• This part of the presentation is all about spending more of your marketing budget in areas that are returning the most while spending less (or cutting funding all together) in areas that have little to no return. My favorite “Go-To” dashboards are all campaign attribution based and include: Opportunity-to-Won Conversion, Opportunity-to-Won Velocity, and Average Deal Size. These dashboards tell you specifically which campaigns have the highest conversion rates, which campaigns generate the fastest velocity and which campaigns generate the largest deal size. For me this is nirvana! I also include an overall campaign attribution chart which puts a dollar value on the individual campaign’s impact on revenue. This allows me to see some big winners (and losers!) and high-performing outliers.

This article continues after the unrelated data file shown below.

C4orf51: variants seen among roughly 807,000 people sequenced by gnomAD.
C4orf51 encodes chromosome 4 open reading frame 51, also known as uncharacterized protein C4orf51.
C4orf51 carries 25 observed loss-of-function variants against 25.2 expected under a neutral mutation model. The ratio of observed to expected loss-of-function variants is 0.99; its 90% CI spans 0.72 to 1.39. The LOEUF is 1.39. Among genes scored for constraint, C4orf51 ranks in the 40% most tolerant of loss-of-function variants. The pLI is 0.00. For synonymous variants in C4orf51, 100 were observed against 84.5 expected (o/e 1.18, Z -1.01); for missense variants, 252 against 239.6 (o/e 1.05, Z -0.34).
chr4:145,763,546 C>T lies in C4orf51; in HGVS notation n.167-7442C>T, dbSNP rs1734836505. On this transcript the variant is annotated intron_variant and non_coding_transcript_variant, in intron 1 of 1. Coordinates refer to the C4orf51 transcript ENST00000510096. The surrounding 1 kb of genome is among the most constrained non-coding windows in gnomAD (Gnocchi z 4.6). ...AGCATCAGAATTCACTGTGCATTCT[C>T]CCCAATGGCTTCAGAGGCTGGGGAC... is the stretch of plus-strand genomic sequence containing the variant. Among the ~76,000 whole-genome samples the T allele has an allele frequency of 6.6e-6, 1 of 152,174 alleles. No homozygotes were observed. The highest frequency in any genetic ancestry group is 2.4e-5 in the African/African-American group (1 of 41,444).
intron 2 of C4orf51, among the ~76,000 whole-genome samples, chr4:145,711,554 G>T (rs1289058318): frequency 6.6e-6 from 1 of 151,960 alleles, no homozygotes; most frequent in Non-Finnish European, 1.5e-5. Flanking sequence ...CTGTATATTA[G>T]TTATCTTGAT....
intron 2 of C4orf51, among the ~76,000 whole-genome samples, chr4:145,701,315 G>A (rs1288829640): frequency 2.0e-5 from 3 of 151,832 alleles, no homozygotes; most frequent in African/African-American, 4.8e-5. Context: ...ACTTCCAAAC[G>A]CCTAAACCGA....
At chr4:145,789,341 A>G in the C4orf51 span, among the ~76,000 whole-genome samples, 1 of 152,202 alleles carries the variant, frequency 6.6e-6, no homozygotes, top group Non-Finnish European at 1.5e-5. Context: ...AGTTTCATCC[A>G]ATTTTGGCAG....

For a guide on some of these dashboards, check out The Four Pillars of Insights-Driven Marketing Measurement.

 

In The End…

Reporting out to the Board on marketing’s impact to the organization need not be a painful experience in terms of gathering insights if you’ve got the right marketing performance management system in place that provides a basic framework. Furthermore, having a single source of truth is critical to preserving your credibility in the organization because if your numbers don’t match sales, guess who wins in the end? Finally, using a templated approach and having “go-to” dashboards make for a simplified approach to prepping for your board report.

Christine Vermes

About Christine Vermes

Christine is responsible for all aspects of marketing at Full Circle Insights. She leverages a rich track record in marketing, nearly two decades in the making at one of the world's most valuable brands. As a collaborative change agent and exceptional communicator, she is recognized for leading teams to exceptional performance, balancing strategic and tactical considerations and for setting the pace to execute with energy and shared enthusiasm. In February 2013, she was named one of the “Top 50 Women Brand Marketers” by Brand Innovators. Christine holds a BA in International Business and French from Cornell College.